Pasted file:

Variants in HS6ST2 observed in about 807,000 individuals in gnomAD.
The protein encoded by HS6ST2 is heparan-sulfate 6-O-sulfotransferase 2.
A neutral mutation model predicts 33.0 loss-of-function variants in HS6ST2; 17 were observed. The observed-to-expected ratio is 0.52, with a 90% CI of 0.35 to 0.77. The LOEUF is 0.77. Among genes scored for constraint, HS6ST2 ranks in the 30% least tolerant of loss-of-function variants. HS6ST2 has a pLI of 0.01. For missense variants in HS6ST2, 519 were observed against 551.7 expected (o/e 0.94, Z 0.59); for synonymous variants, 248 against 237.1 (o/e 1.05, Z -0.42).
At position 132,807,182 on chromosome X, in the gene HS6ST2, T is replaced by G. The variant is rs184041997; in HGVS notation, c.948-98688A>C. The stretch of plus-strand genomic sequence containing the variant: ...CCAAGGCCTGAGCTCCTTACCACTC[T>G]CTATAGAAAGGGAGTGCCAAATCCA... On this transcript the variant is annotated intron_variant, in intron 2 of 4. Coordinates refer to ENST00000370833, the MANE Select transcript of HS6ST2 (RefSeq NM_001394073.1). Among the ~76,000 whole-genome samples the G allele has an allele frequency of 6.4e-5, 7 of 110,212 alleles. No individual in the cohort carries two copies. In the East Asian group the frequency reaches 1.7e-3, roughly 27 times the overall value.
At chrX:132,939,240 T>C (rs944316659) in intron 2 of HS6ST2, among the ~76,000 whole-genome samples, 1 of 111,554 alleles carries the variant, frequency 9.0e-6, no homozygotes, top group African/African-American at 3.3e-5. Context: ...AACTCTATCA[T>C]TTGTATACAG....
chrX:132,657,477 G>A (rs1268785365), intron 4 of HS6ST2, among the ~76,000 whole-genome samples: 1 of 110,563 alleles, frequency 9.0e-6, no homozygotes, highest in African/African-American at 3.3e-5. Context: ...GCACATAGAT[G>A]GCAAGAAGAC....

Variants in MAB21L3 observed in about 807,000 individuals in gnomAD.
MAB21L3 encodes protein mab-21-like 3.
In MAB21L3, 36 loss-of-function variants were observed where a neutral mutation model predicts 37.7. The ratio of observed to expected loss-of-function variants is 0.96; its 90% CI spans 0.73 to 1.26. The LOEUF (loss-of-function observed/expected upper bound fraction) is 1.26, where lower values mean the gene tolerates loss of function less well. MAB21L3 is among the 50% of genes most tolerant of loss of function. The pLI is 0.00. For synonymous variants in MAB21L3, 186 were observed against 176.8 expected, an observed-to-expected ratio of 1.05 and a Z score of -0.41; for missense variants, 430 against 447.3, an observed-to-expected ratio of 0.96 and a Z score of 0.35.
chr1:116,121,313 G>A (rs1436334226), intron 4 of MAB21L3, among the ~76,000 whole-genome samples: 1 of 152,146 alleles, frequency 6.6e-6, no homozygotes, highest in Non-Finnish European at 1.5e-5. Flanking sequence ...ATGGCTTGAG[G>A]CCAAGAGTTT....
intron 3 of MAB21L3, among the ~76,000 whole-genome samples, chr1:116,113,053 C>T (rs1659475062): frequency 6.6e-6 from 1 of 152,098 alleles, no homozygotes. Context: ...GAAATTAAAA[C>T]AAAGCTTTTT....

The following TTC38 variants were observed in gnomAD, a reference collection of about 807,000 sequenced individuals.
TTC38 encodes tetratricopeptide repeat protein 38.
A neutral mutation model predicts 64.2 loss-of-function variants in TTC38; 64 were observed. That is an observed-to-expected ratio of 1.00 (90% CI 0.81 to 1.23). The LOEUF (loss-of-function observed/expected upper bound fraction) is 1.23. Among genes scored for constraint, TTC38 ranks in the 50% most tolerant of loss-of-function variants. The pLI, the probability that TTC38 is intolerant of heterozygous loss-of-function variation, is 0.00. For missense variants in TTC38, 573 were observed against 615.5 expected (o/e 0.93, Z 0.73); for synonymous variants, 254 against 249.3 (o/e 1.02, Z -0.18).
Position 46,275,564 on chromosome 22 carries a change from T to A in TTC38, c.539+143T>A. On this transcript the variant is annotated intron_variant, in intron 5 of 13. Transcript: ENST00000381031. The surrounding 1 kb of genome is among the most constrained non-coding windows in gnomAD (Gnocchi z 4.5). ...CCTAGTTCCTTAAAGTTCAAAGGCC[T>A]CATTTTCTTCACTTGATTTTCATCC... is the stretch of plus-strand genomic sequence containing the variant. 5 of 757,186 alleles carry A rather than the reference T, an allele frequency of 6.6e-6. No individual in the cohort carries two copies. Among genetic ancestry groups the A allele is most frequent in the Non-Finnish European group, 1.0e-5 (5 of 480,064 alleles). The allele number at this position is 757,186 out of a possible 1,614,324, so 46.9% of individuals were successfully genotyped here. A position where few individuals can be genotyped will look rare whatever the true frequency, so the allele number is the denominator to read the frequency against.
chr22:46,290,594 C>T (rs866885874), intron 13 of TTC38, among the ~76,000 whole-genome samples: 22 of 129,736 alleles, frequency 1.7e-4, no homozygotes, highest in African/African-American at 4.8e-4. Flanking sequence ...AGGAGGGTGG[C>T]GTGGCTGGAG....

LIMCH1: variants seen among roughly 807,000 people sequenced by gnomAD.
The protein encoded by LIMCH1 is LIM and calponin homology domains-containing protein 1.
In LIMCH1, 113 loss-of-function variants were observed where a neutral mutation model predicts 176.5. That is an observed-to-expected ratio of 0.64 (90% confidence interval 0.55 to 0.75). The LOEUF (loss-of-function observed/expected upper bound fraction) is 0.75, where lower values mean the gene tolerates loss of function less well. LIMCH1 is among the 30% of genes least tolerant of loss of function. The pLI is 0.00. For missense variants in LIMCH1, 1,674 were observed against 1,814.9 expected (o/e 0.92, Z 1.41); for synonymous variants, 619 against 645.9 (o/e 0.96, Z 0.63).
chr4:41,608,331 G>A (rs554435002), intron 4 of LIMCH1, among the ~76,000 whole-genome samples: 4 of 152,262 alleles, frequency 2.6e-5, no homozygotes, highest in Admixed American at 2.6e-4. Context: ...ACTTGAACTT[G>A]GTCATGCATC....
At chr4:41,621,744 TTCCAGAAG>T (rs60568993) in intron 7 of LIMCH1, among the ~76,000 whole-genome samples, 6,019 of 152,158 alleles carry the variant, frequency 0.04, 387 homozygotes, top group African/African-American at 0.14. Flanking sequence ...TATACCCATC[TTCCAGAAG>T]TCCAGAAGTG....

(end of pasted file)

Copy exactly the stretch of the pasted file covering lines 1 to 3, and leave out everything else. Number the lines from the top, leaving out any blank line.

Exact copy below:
Variants in HS6ST2 observed in about 807,000 individuals in gnomAD.
The protein encoded by HS6ST2 is heparan-sulfate 6-O-sulfotransferase 2.
A neutral mutation model predicts 33.0 loss-of-function variants in HS6ST2; 17 were observed. The observed-to-expected ratio is 0.52, with a 90% CI of 0.35 to 0.77. The LOEUF is 0.77. Among genes scored for constraint, HS6ST2 ranks in the 30% least tolerant of loss-of-function variants. HS6ST2 has a pLI of 0.01. For missense variants in HS6ST2, 519 were observed against 551.7 expected (o/e 0.94, Z 0.59); for synonymous variants, 248 against 237.1 (o/e 1.05, Z -0.42).